The Biden administration will reach its decarbonization goals even if Congress fails to pass a $550 billion bipartisan infrastructure bill and $3.5 trillion reconciliation bill, National Climate Adviser Gina McCarthy said Wednesday.
Regulations from a broad swath of agencies—including, but not limited to, the EPA and Interior Department—will help the administration reach its various climate goals, such as cutting domestic emissions in half by 2030, McCarthy said at a briefing convened by Environmental Entrepreneurs, or E2.
“We’re going to do it, because there’s many other ways to get to an endgame here,” she said.
The power sector and other regulated industries also see market signals that are nudging them firmly toward decarbonizing, McCarthy said. Federal investment approaches could make it “too enticing and economically viable” for utilities not to embrace clean energy, she said.
“I don’t think we need to have every penny in here to make progress,” McCarthy said, referring to the twin bills being negotiated in Congress. “I don’t want anyone to think that just because we didn’t get it all, that we’re not going to get where we need to go, because we will.”
Nevertheless, McCarthy said the administration believes “we’ll get what we’ve asked for” and that the national conversation over climate science has evolved significantly in recent years.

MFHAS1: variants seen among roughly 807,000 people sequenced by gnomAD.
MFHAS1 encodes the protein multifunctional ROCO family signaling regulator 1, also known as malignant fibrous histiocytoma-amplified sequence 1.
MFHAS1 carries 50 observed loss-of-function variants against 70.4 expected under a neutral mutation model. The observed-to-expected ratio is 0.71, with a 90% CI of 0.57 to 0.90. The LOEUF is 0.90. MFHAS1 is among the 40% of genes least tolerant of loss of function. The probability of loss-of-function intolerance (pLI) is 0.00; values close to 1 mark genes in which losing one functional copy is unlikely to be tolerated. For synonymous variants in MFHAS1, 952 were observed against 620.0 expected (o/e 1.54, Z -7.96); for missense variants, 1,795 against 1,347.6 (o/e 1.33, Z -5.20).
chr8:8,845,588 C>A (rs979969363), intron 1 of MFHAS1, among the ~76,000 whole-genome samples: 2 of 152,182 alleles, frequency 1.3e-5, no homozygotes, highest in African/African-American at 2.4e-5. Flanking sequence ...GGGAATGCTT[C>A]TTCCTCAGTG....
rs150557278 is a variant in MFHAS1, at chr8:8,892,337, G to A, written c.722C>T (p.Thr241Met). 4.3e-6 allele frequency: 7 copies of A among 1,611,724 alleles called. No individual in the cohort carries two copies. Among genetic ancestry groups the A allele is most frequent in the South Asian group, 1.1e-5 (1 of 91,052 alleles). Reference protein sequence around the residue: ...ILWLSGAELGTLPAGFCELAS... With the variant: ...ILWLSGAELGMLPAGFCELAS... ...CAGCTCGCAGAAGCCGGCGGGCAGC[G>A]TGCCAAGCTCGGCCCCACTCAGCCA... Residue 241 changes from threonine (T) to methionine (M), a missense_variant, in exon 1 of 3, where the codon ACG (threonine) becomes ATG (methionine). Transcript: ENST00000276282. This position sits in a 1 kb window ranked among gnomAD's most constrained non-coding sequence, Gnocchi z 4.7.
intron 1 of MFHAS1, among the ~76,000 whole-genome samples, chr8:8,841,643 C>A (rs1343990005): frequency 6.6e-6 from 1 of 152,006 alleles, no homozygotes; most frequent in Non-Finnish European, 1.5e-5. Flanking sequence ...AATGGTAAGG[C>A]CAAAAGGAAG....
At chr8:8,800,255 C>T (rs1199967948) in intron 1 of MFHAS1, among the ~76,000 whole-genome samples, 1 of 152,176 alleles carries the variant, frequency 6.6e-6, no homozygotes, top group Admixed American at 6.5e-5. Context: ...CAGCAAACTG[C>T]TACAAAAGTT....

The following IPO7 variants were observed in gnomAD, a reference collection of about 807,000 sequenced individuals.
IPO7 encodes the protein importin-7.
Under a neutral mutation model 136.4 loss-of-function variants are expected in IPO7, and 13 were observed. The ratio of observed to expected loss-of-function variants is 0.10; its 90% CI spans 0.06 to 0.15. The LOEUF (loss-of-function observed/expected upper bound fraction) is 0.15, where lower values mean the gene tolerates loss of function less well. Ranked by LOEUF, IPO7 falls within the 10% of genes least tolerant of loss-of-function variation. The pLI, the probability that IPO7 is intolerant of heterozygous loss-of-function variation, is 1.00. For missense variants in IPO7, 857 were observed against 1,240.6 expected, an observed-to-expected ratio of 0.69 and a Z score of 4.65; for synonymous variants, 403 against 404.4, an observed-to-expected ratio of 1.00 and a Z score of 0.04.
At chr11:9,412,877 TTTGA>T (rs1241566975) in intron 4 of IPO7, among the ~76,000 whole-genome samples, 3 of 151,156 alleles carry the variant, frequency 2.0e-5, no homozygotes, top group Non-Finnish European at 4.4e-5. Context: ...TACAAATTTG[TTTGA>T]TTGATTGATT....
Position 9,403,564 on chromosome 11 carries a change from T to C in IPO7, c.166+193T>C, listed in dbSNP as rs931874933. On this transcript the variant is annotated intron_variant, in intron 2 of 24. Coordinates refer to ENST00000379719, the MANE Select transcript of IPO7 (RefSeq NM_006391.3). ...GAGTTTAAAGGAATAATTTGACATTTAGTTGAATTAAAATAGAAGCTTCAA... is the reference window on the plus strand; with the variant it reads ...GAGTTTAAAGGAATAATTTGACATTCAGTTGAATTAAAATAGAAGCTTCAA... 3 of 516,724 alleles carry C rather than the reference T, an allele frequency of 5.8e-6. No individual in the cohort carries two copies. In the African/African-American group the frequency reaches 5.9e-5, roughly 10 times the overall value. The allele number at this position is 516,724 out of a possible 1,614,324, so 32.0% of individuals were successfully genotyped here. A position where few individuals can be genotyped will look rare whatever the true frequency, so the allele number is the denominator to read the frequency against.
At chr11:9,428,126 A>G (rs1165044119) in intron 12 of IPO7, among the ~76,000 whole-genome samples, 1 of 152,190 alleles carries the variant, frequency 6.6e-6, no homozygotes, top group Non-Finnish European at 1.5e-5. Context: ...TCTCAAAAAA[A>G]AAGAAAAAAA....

“I don’t think, at this point, we’re trying to convince people that climate change is a problem,” she said.
She also linked President Joe Biden’s climate plan to economic growth, a message Biden and other administration officials have repeatedly stressed.
“We’re trying to make it clear that things like the bipartisan infrastructure deal and the Build Back Better plan, as a whole, is not about sacrifice,” she said. “Nobody wants to be in this pandemic and worrying that the federal government’s trying to cost them more.”
McCarthy also said the White House’s focus on environmental justice is “not just about identifying those communities and expending money there.”
“It really is about workers as well,” she said. “How do we look at those areas where we have lost jobs? How do we look at those areas that were dependent on a coal facility that no longer exists?”
Agencies such as the EPA and Energy Department are working on expanding environmental job training programs and supporting internships and research projects. And the White House is looking to expand on green banks to support clean energy and sustainability projects, McCarthy said.
The Civilian Climate Corps—part of Democrats’ reconciliation bill—could act a “feeder system” for employment in clean energy, she added. The push for such a group has gained momentum among Democrats as a way to marry much-needed job creation with their goal of tackling climate change and improving environmental stewardship across the country.
Corps members, for example, could be teamed up with unions such as the International Brotherhood of Electrical Workers to work on decarbonizing housing projects in their communities, McCarthy said.
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